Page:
The demonstrators, led by fiery former deputy premier Suthep Thaugsuban, have vowed to derail the ballot and demand instead an appointed "people's council" before a future vote.
Suthep has vowed to seize ministries and other sites across the capital, although it is not clear when that will start. The main opposition Democrat Party has also declared it will boycott the election.
Thailand's Electoral Commission has offered to act as a mediator between Puea Thai, the Democrats and the protesters. Commissioner Somchai Srisuthiyakorn said the commission would meet senior members of Puea Thai and the Democrats on Thursday, although he said the protesters had rejected a similar offer.
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"I believe that something positive will come out of the meeting and the situation will ease up," Thai media quoted Somchai as saying.
While the protests have mainly been in Bangkok, election registration has also been blocked in at least seven provinces in the south, where the protesters and Democrats draw support.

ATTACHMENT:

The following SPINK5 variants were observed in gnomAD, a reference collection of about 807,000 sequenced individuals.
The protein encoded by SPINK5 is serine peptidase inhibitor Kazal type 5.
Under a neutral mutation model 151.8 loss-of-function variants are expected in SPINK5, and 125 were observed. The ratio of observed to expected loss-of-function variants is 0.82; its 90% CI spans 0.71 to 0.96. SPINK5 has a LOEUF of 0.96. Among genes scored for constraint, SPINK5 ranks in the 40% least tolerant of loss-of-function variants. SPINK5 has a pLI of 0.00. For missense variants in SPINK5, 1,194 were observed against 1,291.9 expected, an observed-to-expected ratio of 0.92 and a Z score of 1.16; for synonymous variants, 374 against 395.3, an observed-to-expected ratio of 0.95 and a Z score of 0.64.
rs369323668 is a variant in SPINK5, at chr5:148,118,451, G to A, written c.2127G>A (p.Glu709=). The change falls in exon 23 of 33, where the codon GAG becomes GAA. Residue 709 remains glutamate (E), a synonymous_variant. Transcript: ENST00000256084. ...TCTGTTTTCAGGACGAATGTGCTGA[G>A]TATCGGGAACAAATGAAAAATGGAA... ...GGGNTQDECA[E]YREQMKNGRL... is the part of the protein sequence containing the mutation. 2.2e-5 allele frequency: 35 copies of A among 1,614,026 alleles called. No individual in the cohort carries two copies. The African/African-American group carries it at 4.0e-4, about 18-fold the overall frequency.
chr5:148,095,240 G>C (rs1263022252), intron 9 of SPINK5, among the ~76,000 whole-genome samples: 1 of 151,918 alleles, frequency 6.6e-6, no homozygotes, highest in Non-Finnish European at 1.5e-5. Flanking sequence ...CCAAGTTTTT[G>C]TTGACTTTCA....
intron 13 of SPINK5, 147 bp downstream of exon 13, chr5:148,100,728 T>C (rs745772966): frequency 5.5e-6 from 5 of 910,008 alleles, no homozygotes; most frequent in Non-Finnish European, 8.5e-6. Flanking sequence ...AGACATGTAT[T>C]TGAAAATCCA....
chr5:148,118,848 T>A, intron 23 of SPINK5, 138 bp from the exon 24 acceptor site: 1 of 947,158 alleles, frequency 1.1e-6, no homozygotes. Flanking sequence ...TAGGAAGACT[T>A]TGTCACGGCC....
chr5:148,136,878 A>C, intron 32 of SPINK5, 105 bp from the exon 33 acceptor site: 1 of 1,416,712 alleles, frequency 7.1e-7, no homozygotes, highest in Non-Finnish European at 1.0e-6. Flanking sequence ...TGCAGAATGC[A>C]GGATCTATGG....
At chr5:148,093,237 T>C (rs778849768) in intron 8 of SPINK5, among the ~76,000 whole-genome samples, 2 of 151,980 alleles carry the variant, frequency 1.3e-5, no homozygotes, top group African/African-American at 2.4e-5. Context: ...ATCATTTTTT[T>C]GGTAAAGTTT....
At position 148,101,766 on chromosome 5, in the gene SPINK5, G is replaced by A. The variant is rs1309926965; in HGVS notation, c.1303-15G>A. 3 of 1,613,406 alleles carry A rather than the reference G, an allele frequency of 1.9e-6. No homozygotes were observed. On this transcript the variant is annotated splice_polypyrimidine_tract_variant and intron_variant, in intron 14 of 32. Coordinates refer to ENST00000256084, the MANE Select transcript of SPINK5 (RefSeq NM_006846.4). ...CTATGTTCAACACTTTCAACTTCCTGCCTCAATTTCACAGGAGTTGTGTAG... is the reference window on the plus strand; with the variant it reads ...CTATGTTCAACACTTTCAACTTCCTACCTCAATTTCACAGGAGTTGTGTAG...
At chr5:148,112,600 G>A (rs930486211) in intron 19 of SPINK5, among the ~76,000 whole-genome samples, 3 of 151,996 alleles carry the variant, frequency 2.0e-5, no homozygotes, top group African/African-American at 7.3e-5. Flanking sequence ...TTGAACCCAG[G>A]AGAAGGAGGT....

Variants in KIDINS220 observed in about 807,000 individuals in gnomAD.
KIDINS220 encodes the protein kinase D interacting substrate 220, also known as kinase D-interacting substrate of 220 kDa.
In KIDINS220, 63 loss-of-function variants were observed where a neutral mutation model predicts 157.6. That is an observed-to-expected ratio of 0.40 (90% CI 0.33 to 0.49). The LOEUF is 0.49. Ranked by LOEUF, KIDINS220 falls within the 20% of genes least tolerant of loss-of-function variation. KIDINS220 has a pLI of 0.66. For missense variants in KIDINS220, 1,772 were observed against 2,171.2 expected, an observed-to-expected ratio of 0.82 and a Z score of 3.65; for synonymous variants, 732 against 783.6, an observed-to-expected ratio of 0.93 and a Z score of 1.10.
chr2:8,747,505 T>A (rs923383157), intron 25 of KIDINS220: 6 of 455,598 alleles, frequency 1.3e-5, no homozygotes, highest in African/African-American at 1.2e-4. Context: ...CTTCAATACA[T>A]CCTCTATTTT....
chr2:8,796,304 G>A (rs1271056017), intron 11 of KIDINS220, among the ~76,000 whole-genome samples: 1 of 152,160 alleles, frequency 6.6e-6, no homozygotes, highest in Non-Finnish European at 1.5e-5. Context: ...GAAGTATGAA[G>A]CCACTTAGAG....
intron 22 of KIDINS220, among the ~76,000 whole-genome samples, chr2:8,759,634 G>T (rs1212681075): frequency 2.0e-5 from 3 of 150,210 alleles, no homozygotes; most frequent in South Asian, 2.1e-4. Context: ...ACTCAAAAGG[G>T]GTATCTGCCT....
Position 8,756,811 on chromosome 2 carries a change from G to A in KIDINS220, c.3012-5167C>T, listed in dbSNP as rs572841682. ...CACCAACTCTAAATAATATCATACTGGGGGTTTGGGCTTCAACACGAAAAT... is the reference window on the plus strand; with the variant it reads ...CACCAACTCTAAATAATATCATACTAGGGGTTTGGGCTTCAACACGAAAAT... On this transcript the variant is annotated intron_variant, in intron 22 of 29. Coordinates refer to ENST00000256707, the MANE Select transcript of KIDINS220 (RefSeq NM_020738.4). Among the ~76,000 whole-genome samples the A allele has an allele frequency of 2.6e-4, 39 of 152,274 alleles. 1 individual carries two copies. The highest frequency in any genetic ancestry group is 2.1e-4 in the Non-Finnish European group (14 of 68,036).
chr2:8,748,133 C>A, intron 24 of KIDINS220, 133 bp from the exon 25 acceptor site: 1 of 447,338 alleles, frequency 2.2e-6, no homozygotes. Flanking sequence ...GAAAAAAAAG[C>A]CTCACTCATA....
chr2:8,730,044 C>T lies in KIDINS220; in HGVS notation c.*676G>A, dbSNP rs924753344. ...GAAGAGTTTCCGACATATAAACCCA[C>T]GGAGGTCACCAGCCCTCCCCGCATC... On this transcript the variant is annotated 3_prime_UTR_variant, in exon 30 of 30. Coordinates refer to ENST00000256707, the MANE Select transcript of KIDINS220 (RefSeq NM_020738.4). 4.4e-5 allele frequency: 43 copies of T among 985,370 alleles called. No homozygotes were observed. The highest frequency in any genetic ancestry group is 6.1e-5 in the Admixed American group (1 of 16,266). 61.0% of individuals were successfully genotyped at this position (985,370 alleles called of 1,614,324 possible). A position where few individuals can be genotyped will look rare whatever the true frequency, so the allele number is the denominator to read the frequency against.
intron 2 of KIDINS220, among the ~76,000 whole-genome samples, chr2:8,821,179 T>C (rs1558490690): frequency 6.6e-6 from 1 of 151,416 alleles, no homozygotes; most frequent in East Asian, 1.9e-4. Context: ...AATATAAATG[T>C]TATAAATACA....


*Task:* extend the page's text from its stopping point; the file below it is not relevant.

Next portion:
The wider aim of the protesters is to neutralize the power of Thaksin, who they say has manipulated democracy by buying the support of the rural poor with populist policies such as cheap healthcare and subsidies for rice farmers.
(Read more: Spotlight on Thailand as political strife escalates)
Thaksin was overthrown in a 2006 coup and fled into exile two years later to avoid jail for graft charges he said were politically motivated. In November, Puea Thai tried to push through an amnesty bill that would have allowed Thaksin to return a free man, sparking the latest round of protests.